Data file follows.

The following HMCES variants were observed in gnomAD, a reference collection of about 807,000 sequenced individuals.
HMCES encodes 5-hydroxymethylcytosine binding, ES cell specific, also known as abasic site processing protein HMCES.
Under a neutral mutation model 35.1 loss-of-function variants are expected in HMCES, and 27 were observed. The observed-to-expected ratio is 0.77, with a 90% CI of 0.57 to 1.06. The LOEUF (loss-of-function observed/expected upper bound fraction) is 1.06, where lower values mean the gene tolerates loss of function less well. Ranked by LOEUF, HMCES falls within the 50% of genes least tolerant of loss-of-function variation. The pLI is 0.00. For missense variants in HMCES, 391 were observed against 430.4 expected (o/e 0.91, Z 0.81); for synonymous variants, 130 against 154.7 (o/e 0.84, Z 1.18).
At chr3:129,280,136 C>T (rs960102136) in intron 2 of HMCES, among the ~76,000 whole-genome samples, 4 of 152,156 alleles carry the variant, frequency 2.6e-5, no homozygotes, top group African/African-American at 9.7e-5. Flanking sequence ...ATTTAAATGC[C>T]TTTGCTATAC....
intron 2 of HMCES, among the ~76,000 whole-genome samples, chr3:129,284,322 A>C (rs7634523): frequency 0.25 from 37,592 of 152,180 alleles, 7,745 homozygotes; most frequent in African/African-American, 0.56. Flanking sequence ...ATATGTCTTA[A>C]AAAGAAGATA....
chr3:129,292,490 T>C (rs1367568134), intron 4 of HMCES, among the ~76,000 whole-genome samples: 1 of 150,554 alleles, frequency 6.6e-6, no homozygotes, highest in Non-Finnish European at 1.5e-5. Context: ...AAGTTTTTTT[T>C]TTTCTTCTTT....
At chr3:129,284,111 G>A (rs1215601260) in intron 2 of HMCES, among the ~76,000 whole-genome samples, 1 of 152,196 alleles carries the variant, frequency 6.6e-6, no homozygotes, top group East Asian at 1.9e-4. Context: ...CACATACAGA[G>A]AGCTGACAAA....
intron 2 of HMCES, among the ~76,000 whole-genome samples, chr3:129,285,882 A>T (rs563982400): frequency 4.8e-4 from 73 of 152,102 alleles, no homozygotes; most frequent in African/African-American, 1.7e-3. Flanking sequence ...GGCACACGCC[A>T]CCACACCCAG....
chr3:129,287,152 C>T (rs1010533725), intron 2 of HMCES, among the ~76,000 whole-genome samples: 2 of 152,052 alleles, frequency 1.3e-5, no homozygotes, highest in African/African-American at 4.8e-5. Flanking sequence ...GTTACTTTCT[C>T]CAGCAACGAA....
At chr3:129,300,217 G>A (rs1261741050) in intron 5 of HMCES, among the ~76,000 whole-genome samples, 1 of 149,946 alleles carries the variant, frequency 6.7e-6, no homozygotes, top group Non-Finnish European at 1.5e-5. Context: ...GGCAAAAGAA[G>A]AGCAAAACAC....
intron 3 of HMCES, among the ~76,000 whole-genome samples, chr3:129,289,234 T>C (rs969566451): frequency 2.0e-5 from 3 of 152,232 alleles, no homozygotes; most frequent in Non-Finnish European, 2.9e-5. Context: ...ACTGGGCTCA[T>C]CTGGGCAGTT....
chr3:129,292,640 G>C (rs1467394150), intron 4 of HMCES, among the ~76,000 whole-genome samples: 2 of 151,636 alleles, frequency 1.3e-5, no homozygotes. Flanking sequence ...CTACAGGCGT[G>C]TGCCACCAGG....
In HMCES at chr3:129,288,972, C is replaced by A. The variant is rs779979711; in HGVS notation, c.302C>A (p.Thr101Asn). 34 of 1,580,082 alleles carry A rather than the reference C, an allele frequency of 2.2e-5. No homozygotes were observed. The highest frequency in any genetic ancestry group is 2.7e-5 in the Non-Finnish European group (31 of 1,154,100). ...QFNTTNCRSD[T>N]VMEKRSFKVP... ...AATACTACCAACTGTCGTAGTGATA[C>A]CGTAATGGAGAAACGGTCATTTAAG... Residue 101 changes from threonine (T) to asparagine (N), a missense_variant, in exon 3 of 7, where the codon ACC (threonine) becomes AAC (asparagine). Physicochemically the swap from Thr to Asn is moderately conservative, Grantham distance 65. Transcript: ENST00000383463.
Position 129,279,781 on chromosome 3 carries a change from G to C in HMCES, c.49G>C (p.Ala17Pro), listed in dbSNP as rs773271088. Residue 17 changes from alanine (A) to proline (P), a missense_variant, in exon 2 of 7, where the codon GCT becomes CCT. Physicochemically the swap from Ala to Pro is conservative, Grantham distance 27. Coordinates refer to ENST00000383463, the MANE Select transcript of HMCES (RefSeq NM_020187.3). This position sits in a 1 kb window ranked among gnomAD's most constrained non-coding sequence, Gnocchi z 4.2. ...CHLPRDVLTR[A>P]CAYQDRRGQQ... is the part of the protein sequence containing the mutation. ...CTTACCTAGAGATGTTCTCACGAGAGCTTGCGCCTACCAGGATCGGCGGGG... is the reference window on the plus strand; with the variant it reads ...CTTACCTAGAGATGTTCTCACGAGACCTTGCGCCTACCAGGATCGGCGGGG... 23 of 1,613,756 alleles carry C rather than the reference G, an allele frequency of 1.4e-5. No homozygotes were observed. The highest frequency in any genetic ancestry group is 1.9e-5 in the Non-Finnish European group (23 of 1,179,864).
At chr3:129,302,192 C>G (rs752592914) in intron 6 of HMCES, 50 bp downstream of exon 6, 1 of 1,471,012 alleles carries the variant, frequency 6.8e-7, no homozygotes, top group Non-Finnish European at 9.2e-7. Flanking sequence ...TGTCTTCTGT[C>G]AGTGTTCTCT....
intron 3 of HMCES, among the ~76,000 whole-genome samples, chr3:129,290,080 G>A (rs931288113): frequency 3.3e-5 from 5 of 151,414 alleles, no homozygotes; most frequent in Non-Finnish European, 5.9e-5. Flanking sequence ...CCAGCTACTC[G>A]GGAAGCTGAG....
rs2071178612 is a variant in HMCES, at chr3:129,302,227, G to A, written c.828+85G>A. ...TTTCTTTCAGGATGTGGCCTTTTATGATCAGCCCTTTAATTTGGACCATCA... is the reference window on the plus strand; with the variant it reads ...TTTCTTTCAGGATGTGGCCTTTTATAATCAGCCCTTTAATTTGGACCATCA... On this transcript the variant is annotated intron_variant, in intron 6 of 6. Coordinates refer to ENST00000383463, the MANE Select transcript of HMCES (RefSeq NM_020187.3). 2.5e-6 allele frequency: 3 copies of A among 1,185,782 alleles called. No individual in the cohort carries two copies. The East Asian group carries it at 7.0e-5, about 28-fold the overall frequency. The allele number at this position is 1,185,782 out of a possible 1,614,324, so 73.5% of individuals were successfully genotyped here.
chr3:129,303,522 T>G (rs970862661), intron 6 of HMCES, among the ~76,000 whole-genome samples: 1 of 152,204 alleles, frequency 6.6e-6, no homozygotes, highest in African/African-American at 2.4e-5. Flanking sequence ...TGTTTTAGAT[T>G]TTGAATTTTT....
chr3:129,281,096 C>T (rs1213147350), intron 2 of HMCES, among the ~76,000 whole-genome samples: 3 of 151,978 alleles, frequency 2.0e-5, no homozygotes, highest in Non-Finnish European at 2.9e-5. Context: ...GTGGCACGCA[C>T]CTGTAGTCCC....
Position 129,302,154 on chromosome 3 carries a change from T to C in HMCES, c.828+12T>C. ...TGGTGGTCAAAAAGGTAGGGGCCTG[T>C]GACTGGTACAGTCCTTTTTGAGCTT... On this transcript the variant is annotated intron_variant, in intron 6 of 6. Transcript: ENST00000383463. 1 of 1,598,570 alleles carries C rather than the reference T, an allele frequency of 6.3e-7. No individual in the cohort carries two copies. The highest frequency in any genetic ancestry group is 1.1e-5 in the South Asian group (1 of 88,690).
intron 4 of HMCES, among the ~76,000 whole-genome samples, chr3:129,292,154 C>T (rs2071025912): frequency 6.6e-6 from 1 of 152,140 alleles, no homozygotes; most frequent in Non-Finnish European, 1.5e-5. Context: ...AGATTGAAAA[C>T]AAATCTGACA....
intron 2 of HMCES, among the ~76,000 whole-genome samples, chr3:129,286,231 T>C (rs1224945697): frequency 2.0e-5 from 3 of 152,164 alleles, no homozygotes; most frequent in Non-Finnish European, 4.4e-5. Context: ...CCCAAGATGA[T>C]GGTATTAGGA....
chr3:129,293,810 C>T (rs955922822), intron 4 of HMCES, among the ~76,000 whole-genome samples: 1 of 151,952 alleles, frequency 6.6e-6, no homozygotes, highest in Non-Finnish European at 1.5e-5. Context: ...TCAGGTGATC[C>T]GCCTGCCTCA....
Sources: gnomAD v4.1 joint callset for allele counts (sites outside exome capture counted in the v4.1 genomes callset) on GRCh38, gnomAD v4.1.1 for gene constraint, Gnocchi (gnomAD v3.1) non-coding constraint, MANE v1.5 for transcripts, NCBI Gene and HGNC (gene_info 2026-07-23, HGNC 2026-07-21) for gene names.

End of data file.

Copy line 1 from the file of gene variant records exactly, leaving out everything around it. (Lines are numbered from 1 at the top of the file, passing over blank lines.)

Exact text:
The following HMCES variants were observed in gnomAD, a reference collection of about 807,000 sequenced individuals.